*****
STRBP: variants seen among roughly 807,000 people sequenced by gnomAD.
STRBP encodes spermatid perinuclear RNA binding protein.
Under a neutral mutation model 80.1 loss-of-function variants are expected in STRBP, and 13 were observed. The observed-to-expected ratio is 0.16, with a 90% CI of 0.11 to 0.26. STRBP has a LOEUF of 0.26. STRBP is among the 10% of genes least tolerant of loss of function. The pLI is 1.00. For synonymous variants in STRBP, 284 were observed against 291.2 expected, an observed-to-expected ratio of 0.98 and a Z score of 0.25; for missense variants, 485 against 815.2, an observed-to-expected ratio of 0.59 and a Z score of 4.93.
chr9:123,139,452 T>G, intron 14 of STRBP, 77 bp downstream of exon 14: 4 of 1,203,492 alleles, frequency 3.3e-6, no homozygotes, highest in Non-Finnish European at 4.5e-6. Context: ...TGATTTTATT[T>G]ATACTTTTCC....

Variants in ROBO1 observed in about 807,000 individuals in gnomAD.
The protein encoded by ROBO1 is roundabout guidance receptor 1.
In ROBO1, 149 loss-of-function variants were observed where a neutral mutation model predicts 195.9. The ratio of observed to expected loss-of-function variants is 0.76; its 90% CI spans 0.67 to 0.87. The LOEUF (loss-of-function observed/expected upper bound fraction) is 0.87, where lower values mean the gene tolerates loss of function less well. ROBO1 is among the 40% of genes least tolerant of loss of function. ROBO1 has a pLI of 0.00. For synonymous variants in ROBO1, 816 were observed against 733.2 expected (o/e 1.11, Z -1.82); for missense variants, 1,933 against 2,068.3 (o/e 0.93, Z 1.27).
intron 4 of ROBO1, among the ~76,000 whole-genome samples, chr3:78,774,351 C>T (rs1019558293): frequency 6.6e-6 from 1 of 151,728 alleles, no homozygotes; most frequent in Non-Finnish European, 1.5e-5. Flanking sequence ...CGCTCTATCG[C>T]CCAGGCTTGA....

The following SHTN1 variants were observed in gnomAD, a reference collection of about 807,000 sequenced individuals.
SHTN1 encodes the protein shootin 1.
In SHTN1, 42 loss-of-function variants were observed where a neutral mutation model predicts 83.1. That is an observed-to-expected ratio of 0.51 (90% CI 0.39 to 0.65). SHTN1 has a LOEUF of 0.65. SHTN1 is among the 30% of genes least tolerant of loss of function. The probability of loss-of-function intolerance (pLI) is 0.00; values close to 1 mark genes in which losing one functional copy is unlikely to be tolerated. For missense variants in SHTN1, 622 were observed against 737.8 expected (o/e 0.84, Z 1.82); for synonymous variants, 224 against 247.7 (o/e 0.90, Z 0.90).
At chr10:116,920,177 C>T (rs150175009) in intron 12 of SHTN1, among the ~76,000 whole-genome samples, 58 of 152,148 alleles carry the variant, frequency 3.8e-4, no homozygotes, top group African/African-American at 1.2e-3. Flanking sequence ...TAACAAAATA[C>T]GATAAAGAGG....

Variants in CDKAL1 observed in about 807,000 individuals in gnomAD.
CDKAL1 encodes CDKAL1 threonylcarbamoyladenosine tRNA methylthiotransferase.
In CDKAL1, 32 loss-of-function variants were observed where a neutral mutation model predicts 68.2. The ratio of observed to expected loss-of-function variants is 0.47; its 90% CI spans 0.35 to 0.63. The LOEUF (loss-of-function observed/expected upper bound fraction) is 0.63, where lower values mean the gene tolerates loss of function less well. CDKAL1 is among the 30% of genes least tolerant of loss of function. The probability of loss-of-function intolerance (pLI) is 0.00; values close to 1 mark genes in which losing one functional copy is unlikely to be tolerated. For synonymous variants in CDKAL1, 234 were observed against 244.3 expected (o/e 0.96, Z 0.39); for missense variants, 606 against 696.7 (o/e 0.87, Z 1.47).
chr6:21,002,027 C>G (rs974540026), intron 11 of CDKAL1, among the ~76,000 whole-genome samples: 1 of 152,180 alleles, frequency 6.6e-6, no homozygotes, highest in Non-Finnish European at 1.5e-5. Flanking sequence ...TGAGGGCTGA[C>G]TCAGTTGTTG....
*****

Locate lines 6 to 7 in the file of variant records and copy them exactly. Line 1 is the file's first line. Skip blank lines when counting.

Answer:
The protein encoded by ROBO1 is roundabout guidance receptor 1.
In ROBO1, 149 loss-of-function variants were observed where a neutral mutation model predicts 195.9. The ratio of observed to expected loss-of-function variants is 0.76; its 90% CI spans 0.67 to 0.87. The LOEUF (loss-of-function observed/expected upper bound fraction) is 0.87, where lower values mean the gene tolerates loss of function less well. ROBO1 is among the 40% of genes least tolerant of loss of function. ROBO1 has a pLI of 0.00. For synonymous variants in ROBO1, 816 were observed against 733.2 expected (o/e 1.11, Z -1.82); for missense variants, 1,933 against 2,068.3 (o/e 0.93, Z 1.27).